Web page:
“Yeah, I just got it. I didn’t use it on this new White Stripes record, but that guitar sounds incredible and I did use it on another song, which I basically co-wrote with Hank Williams! Bob Dylan is putting this project together where he’s asking people to finish these unfinished Hank Williams songs.
“They’re just lyric pages and Bob asked me to pick one. I did and I recorded it here at Blackbird [Studio in Nashville] as well. I used the White Penguin on that recording, and I’ll be using it live as well. I love that guitar, man. I’ve always wanted one. It’s kind of the Maltese Falcon of guitars.”
Do you see the guitar as a piece of wood with a few strings, a tool to be creative with, or is there something special going on?
“I’m drawn to the idea that it is a tool that can be manipulated and treated with either respect or disgrace. When I was young I saw a clip of Louis Armstrong on TV playing a trumpet solo. It was such a ferocious and speedy trumpet solo, and when the song ended with a bang he just slung the trumpet to one side.
“He didn’t throw it on the ground, but it looked like cracking a whip. He had this attitude like, ‘It doesn’t matter what I use. I don’t need this instrument. I just use it to express a certain feeling. I could express the same energy with a bottle of water.’
“I really related to that. I jumped out of my seat when I saw that; that’s how I feel about my instruments. At the end of a song I can throw my guitars on the ground, but they know how I feel about them. I don’t care when people pick up my guitars and play them.
“You can borrow my red Airline guitar that I made famous in The White Stripes. You could borrow it for a month and I wouldn’t even ask you for it back. It’s that kind of notion. You have to find some kind of balance with your instruments…”
There’s some cool mandolin playing on Prickly Thorn, But Sweetly Worn. How long have you been playing for?
“I started playing mandolin right before I did the film Cold Mountain. I wanted to buy the one I used in the film. I signed something saying I’d buy it, but then they went and auctioned it off, so I went and bought a really nice Gibson F4. I love the mandolin, it’s a different world from guitar, and I love bluegrass music.”
You’ve got a definite passion for the blues, but would you say that country music is just as essential to your aesthetic?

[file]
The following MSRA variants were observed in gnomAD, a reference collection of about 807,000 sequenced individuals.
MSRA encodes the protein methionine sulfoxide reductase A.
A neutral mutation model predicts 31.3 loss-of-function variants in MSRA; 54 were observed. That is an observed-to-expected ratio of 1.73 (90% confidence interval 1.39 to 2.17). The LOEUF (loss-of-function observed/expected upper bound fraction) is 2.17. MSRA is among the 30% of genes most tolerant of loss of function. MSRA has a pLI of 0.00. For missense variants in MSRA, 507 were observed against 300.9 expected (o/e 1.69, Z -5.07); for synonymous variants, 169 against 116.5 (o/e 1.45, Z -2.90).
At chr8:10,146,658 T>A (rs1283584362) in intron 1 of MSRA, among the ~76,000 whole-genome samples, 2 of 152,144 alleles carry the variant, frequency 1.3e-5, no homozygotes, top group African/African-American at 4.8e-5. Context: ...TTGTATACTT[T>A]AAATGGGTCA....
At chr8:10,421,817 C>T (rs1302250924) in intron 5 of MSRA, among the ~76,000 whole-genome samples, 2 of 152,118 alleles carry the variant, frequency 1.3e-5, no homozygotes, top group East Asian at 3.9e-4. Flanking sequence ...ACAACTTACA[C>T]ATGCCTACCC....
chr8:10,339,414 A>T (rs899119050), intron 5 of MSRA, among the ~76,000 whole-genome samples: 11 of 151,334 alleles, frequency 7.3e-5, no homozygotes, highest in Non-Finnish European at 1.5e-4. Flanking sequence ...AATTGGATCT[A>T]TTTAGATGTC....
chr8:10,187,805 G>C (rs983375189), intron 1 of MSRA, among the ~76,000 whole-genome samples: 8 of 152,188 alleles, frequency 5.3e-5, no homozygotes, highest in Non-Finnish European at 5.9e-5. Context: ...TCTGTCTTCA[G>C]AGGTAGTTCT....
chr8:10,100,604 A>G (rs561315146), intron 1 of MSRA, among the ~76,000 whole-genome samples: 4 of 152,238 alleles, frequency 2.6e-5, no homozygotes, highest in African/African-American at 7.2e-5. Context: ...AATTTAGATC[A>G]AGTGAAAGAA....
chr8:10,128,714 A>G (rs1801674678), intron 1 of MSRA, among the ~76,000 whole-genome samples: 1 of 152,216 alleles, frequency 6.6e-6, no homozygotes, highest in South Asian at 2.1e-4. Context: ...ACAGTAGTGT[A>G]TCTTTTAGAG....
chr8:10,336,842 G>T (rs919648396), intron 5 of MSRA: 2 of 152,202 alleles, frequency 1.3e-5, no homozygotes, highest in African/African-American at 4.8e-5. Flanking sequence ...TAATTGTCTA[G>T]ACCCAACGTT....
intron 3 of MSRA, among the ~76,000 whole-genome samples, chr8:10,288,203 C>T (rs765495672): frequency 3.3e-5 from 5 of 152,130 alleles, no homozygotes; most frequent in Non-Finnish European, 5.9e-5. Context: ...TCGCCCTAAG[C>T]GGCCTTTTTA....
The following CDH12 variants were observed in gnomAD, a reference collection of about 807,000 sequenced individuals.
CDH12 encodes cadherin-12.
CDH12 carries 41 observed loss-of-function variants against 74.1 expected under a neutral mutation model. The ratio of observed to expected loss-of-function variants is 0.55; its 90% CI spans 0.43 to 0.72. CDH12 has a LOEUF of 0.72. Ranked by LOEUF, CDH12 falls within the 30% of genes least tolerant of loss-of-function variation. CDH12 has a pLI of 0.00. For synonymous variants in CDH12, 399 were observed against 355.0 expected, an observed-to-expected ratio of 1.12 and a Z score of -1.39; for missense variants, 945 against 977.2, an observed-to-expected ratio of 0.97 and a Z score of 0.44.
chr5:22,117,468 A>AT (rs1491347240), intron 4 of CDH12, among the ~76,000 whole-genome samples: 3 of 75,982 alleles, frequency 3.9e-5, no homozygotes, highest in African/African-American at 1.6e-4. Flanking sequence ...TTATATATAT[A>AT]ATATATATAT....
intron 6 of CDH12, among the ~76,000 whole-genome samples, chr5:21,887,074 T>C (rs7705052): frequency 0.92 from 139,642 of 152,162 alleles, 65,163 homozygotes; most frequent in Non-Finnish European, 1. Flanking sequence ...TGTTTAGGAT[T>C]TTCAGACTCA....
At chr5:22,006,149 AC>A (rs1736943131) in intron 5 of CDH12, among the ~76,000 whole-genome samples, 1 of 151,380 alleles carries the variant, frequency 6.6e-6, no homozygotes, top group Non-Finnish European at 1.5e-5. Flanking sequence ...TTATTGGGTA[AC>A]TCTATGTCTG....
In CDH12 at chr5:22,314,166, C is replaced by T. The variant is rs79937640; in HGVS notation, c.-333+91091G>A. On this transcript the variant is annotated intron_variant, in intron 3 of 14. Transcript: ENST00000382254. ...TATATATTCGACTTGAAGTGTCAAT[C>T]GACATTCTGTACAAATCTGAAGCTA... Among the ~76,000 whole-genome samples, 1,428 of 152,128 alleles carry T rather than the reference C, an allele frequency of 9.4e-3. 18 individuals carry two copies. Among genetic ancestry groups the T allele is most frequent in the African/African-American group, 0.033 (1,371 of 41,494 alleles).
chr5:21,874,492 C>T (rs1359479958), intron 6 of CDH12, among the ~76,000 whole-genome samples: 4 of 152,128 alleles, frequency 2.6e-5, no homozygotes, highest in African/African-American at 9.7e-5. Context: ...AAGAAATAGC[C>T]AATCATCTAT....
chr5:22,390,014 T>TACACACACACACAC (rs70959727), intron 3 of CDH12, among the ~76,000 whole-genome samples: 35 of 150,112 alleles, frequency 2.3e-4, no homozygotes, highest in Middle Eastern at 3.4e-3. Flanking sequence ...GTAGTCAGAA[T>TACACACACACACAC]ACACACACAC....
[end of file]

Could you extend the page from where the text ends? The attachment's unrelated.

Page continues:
“Yes, of course. On this album, Effect And Cause and You Don’t Know What Love Is both have that real country feel to them. Country music means a lot to me, so I don’t ever want it to be perceived as a gimmick in my music. It would be such a bummer to have that slapped onto your creation.”
Nashville is often dubbed ‘Music City, USA’, although ‘Country Music City, USA’ seems more appropriate. Do you feel comfortable in the surroundings of country?
“Absolutely! It’s the perfect antidote against all that cool hipster garage rock stuff. I couldn’t take anymore of that – I just had to get away from it. The music business in Nashville is the polar opposite of all that. They have this direct attitude: ‘We just want to sell a lot of records and make a lot of money.’
“I feel more comfortable with people who aren’t going to judge me in any way about being cool, being punk, being underground or independent. All those horrible words that I used to think meant something until I realised they’re nothing but empty words.
“It was a complete blessing to arrive in Nashville and leave all that stuff behind. All those people around you, all the cynics, hipsters, bloggers, internet critics, independent punk rock kids and all that crap. They aren’t going to be there next year. They aren’t loving music for what it is. They’re only loving music for the identity it gives them.”
Will you settle in Nashville or do you think you’ll eventually miss the bustle of city life?
“Nashville just feels right. I like the positive atmosphere. There’s a common horse sense to everything that appeals to my brain. I like going to the hardware store and buying a two-by-four and having it make sense, or starting the day on a bacon and eggs level. I don’t want any attitude or pretension or anything. And if there’s an attitude, it should be positive, which is what you get here in Nashville.
“I’ve come from a strange realm – Detroit, garage rock ’n’ roll. In contrast, country fans are loyal to the death. That was never the case in garage rock. You could like a band this week, but you may not like them next week. And The White Stripes have gone through the mill on that.
“We’ve had a complete rollover of fans on just about every album we’ve done and it starts to get on your nerves. You do all this work building up a relationship with an audience and then these people just walk away, and it’s for shallow reasons too.
“They can’t like you any more because the person who lives next door to them likes you, so now they have to like someone more obscure to keep their identity going. That shit just gets old. I thought it was supposed to be about the music, and I was fooling myself for a long time over that. Maybe in the atmosphere of country music there’ll be no worries about coolness or trying to second guess the hipsters.”